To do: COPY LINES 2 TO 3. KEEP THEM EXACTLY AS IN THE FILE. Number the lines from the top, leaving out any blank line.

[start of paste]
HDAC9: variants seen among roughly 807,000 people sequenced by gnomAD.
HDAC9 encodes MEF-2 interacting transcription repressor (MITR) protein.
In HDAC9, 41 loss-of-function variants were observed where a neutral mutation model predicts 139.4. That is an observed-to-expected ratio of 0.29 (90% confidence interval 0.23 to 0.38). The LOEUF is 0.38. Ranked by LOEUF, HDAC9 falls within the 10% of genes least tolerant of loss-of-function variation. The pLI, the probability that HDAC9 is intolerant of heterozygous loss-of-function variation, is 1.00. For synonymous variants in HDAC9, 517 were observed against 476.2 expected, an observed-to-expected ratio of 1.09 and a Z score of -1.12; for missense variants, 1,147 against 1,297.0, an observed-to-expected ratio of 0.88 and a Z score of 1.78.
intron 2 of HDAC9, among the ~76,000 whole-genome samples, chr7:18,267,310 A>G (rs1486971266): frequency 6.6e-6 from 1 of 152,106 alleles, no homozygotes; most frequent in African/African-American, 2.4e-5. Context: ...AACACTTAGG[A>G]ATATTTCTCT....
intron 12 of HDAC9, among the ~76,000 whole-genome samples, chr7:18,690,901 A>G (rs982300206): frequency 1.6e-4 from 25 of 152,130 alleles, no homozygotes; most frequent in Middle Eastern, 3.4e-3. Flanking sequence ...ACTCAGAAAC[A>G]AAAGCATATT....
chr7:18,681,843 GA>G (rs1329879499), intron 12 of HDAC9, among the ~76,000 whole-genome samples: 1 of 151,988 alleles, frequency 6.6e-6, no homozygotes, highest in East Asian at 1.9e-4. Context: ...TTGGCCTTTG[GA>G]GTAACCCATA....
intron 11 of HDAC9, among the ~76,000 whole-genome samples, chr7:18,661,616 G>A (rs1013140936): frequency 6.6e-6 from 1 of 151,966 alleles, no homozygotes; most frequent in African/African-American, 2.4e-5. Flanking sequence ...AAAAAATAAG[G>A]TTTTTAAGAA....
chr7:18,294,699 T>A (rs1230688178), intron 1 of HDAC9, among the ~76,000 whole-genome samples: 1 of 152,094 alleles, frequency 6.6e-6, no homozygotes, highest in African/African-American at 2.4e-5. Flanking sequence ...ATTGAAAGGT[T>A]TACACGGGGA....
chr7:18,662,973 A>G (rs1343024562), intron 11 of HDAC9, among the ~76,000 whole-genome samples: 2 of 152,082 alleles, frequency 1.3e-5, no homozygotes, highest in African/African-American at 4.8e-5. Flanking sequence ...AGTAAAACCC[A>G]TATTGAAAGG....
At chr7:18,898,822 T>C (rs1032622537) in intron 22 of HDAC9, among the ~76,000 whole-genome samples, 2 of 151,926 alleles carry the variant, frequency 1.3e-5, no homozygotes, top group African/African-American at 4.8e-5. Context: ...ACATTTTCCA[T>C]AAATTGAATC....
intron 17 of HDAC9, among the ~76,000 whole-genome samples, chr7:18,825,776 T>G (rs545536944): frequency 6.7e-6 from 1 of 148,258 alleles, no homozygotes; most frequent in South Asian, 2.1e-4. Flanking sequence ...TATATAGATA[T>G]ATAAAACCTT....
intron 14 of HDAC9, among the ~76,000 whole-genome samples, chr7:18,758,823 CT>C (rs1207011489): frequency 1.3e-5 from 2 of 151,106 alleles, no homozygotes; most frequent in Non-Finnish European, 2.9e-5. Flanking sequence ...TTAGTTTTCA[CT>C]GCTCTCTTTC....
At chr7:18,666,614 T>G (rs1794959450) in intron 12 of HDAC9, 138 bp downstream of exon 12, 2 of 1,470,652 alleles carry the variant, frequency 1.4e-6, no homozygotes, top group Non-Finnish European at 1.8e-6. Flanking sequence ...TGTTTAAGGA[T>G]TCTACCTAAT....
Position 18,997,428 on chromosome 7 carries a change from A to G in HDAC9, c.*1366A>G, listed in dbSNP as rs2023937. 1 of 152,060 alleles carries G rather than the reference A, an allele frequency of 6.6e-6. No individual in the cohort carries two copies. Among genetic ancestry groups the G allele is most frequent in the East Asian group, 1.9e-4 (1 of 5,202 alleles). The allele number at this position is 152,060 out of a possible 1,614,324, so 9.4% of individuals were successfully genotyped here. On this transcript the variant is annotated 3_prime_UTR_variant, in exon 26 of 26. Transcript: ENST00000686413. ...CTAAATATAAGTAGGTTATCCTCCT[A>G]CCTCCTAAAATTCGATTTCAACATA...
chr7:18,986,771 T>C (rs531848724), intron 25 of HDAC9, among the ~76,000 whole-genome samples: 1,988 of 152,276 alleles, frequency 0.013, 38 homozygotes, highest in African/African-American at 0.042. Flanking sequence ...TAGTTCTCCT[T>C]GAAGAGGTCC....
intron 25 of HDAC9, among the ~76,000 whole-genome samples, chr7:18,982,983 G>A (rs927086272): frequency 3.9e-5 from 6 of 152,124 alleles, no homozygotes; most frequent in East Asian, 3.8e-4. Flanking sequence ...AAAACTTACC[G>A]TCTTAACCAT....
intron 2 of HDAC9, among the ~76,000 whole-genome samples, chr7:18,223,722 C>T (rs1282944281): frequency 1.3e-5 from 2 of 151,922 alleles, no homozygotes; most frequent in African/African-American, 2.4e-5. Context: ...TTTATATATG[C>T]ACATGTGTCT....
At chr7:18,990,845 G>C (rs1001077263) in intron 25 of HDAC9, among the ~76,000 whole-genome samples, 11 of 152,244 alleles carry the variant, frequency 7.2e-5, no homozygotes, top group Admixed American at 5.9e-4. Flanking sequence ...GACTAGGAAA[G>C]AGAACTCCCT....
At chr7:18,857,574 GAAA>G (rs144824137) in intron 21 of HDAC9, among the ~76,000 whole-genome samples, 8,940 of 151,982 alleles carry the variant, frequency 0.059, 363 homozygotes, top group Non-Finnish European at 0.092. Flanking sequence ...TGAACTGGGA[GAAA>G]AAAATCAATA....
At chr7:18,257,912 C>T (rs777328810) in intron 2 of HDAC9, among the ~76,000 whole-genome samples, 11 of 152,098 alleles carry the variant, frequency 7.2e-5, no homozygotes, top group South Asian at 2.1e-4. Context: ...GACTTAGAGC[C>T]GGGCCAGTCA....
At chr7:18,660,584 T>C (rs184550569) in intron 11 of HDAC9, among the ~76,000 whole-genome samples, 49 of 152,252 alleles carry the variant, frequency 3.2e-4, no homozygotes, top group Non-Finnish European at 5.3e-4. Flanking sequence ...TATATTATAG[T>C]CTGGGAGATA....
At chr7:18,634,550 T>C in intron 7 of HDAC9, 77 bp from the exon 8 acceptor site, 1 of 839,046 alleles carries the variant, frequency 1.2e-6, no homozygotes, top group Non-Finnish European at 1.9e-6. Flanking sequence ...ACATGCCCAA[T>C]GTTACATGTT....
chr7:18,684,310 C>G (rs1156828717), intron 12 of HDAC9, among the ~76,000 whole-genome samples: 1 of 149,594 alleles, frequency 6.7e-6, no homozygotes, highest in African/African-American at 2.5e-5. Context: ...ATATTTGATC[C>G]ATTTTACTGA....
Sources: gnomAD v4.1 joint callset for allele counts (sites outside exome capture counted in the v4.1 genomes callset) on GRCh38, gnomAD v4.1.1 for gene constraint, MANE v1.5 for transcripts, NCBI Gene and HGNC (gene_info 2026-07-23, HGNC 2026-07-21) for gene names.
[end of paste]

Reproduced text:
HDAC9 encodes MEF-2 interacting transcription repressor (MITR) protein.
In HDAC9, 41 loss-of-function variants were observed where a neutral mutation model predicts 139.4. That is an observed-to-expected ratio of 0.29 (90% confidence interval 0.23 to 0.38). The LOEUF is 0.38. Ranked by LOEUF, HDAC9 falls within the 10% of genes least tolerant of loss-of-function variation. The pLI, the probability that HDAC9 is intolerant of heterozygous loss-of-function variation, is 1.00. For synonymous variants in HDAC9, 517 were observed against 476.2 expected, an observed-to-expected ratio of 1.09 and a Z score of -1.12; for missense variants, 1,147 against 1,297.0, an observed-to-expected ratio of 0.88 and a Z score of 1.78.